A company has a good brand, recognized all over the world and sold in the hundreds of millions why would they want to change their name, their image or their marketing direction?

Remember when Coke became New Coke? I switched to Pepsi and never went back.

Changing a brand can be a disaster as Coke found out when they lost considerable customers to Pepsi.  Changing the name of a product can truly be risky because it creates the illusion of turmoil, change of ownership; maybe the product changed kind of stuff. If you are going to change the name of a product at least make it meaningful to the product.

A company CEO will be the first to tell you that the company brand recognition is one of the biggest company assets and the basis for the company’s reputation. CEOs today are becoming more brand-conscious, as the CEO of FedEx, Frederick W. Smith said: “Maintaining this reputation and its brand image is a top priority for me, since it is one of the most valuable things the company has.

Take some recent changes to the product Electrosol; it became Finish, a ridiculous name in most marketing people’s mind with the silly references to diamonds that seems to be geared to the masses without brains. As Electrosol said recently, “FINISH products are the same ELECTRASOL® and JET-DRY® products that you know and trust, now backed by the power of the world’s #1 dishwashing brand.”

Stuart Elliott from the New York Times references an email from James Watson, the Marketing Director for Finish that confirms they are doing the rebranding to consolidate the various names of products into individual global brand entities.

Brinks Home Alarms rebranded itself to Broadview Home Security. If you are like me when I see an armoured car going down the street I say there goes Brinks whether it is or not. Why would anyone change the name of a household/business classic? Let’s change Wells Fargo while we are at it. Broadview Home Security announces on their website that, “Our new name reflects our growth and better represents all we offer our customers, but what we stand for remains the same. Building on more than 25 years as Brink’s Home Security”. Let’s come back to Broadway in 5 years and see if their strategy worked or backfired.

There are several reasons to rebrand an existing product

  • The world is getting smaller so a product sold worldwide may want to be consistent and reduce costs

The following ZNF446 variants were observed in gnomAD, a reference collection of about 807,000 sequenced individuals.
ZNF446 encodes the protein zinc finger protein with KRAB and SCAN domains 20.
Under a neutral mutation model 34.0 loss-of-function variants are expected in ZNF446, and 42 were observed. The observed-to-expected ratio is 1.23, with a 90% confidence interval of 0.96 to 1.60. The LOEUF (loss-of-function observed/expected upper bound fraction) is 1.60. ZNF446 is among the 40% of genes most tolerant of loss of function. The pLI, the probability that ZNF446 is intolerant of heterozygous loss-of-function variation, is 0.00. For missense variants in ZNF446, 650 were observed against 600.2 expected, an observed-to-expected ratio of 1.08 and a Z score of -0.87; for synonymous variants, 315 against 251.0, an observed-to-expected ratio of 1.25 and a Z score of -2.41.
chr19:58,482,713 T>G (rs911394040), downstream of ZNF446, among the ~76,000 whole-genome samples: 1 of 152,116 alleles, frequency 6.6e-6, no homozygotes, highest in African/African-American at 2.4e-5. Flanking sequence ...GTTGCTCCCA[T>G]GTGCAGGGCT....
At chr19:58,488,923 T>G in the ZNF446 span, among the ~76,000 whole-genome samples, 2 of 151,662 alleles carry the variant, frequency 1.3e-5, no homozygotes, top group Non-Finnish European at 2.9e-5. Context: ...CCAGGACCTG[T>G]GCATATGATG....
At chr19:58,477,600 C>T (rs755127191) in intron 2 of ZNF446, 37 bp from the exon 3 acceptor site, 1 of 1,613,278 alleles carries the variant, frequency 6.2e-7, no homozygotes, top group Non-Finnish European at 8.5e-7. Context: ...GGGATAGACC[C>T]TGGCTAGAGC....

• Maybe the brand is worn out and needs refurbishing, hard to think of one here but maybe Aunt Jemima pancake mix comes to mind
  • Mergers happen and good companies get swallowed, how about Canadian Airlines being swallowed by Air Canada
  • Maybe the product has suffered a debilitating setback and needs to change the name to find new customers. Remember the Jack-in-the-Box health problems. It’s a wonder they recovered. On the other hand Maple Leaf Foods in Canada weathered the storm last year by being open and transparent, fixing the problems and gained respect for their brand
  • To capitalize on new media, Youtube, Social media and the internet in general.

Just some ideas to make you wonder the next time you see a giant conglomerate make big changes.

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  1. I agree with you and having worked for a company named FAG, I can tell you from experience about the strength of a globally recognized brand, but what about the brands that seem to lose their way? A good example of this is Saturn. Remember when GM created Saturn it was designed to be an alternative to buying an”import” brand. But then it became a”different kind of car” I guess for a different kind of consumer. Throughout this time they seemed to be having an identity crisis. In the end, they started to produce some pretty decent vehicles, but by this point the consumer was so confused as to what they were trying to deliver as a brand. Sadly, Saturn will disappear at the end of this year, but I often wonder why it lasted so long with such a muddled philosophy.

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